Chop en dop could be a sad affair this coming festive season after economists warned that the price of red meat might increase by between nine to 15 percent from now until December.
This was due to tight supply and increased demand from consumers during the festive season, says Paul Makube, senior agricultural economist at FNB.
Makube said yesterday that red meat slaughtering had been substantially higher this year compared to the past three years as a result of the drought.
The cumulative sheep slaughter number was currently 111 percent higher than the 2015.
Despite this increase, Makube said consumers should not experience an oversupply of meat which would have resulted in lower prices due to exports and a strong demand for meat in the tourism sector.
“In terms of the outlook for beef, we are heading into a seasonal price increase of between R3.40 and R5.70 per kg for Class A beef as braai season returns,” Makube said.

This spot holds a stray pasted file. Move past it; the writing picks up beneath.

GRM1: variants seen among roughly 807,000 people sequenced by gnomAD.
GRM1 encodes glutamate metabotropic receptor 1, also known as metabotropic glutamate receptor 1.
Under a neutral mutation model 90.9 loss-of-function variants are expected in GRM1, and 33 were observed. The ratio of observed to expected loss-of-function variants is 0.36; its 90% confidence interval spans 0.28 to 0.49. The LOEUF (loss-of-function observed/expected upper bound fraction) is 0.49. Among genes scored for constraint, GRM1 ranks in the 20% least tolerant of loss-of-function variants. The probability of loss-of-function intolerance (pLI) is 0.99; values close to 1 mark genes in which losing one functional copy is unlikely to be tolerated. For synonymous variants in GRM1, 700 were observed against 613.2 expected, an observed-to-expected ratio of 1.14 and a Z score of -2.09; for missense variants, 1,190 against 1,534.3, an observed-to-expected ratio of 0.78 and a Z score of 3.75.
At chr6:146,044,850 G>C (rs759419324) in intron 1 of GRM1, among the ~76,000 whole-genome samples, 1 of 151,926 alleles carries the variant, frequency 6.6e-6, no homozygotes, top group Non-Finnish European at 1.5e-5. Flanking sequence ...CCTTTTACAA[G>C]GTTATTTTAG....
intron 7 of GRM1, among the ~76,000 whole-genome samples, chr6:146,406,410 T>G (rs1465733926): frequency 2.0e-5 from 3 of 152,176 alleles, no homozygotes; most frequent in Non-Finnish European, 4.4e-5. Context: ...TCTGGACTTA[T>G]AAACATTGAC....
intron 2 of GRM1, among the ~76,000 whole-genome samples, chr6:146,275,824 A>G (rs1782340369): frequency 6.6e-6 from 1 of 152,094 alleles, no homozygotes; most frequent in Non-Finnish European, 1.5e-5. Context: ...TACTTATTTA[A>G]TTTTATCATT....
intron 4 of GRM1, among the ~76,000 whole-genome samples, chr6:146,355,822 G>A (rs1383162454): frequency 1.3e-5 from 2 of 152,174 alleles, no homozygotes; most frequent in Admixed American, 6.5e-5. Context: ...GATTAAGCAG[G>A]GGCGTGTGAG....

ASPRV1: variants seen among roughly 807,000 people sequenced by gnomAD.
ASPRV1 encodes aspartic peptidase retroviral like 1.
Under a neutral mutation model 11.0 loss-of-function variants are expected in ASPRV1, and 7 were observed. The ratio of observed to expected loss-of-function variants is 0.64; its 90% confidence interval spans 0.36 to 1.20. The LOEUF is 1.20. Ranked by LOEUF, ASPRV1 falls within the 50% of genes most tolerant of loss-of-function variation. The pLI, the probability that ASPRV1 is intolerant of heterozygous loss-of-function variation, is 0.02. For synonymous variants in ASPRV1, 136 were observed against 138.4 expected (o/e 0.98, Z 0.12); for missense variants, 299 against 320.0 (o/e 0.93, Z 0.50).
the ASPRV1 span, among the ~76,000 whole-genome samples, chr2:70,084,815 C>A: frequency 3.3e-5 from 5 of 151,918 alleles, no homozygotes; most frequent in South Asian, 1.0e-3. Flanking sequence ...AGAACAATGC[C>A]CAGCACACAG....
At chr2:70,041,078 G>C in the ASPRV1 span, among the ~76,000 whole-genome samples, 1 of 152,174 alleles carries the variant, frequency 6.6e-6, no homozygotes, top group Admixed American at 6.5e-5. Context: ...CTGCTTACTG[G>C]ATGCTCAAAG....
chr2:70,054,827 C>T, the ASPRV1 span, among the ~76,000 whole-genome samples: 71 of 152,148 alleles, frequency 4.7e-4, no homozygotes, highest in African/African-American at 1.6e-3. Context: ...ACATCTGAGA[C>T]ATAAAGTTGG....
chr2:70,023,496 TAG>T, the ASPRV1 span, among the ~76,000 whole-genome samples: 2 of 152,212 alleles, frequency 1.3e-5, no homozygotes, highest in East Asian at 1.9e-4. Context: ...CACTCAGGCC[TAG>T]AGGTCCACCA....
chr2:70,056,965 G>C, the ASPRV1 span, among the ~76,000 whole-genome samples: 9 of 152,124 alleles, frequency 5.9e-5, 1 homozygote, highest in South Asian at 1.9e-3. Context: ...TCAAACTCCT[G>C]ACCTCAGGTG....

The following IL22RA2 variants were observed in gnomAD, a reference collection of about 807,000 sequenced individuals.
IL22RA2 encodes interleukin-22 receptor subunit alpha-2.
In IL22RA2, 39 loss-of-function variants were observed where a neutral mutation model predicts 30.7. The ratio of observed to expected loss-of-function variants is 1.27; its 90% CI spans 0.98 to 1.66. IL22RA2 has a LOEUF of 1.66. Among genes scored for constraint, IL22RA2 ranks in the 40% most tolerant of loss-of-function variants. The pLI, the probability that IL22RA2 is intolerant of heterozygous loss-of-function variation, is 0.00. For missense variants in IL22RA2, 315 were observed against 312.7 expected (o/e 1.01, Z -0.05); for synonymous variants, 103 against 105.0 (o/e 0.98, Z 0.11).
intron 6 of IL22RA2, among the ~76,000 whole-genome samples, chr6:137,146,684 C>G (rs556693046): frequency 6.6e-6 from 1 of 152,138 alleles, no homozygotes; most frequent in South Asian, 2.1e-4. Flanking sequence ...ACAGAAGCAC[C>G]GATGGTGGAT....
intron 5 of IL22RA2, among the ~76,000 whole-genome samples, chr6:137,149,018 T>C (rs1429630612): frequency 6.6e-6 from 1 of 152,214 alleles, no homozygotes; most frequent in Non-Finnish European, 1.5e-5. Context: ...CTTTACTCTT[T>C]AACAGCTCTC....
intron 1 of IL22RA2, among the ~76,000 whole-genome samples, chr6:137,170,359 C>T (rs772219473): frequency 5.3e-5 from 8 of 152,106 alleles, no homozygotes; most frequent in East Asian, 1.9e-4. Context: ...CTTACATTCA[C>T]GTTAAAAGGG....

“Consumers that prefer to braai lamb can expect to pay between R5.60 and R9.40 per kg more for Class A lamb over the festive period.”
Makube said red meat prices were currently “relatively stable to strong” due to tight supplies, as livestock farmers hold onto stock and avoid slaughtering in the hope that pasture conditions will improve when it starts raining.
The good news is the price of poultry won’t change much “due to increasing imports”.
Makube also cautioned that prices would have to return to normal levels in January to avoid resistance from consumers.